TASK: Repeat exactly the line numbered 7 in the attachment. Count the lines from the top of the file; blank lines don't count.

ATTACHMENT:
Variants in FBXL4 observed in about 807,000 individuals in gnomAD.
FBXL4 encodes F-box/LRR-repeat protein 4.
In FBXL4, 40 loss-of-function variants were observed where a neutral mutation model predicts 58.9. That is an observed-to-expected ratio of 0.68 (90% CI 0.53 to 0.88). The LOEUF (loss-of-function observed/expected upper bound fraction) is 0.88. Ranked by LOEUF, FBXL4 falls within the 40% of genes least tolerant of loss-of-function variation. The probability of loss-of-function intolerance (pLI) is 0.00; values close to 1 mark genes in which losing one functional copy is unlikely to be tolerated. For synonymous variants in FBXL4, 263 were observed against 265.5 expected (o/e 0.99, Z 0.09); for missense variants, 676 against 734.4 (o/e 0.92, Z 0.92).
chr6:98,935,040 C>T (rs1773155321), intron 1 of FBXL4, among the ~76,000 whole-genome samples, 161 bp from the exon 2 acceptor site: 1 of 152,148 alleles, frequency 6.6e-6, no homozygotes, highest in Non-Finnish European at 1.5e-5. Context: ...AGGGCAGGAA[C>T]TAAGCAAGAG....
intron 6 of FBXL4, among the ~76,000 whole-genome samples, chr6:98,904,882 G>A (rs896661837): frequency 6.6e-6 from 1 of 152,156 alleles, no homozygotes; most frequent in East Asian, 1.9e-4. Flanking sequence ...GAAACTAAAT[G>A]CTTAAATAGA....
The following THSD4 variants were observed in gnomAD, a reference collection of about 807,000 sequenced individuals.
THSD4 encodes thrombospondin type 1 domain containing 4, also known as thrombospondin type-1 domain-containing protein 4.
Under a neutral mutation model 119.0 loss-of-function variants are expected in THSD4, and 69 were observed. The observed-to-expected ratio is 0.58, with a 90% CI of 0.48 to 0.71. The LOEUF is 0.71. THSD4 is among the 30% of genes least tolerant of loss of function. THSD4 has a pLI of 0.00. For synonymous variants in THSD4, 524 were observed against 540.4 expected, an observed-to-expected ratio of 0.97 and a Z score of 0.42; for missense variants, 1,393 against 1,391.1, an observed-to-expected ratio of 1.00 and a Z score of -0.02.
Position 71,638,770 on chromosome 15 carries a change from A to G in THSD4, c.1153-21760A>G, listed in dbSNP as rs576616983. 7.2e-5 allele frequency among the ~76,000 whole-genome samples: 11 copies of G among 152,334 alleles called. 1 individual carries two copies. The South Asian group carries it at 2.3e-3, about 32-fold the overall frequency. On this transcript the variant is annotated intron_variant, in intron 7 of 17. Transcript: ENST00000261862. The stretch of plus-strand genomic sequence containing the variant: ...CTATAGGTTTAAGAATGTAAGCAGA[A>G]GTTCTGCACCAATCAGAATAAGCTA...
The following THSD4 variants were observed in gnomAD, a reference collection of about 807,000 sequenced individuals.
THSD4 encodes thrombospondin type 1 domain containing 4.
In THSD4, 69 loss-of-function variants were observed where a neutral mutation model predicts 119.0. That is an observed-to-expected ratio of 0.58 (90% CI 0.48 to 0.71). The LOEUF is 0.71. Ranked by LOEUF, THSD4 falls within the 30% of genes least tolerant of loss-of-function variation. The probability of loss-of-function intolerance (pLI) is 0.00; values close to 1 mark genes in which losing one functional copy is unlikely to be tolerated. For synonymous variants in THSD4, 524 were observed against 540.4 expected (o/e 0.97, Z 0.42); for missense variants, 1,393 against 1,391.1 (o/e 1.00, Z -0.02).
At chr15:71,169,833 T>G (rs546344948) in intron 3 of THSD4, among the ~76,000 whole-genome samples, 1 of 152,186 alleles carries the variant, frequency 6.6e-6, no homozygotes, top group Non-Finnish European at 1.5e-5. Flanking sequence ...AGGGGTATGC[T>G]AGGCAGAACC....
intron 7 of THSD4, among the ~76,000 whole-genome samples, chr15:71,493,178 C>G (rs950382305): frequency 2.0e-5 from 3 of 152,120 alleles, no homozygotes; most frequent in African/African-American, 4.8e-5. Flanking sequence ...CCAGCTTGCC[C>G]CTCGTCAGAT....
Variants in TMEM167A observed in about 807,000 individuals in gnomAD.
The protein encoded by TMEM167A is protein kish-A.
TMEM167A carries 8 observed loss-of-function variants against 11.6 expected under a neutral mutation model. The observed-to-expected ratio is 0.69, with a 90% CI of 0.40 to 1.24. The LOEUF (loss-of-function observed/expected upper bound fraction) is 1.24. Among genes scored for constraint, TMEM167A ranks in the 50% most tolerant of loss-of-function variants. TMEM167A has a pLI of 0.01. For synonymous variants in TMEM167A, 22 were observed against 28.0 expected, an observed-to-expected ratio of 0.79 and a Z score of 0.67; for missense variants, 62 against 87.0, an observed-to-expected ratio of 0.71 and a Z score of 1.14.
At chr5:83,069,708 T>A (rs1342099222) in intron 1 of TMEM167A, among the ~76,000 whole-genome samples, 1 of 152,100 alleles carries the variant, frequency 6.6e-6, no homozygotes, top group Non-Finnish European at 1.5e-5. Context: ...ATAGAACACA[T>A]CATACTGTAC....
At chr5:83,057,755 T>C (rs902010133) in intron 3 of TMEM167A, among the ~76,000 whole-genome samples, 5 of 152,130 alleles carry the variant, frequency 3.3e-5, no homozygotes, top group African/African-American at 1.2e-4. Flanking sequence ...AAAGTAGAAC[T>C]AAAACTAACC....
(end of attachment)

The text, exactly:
THSD4 encodes thrombospondin type 1 domain containing 4, also known as thrombospondin type-1 domain-containing protein 4.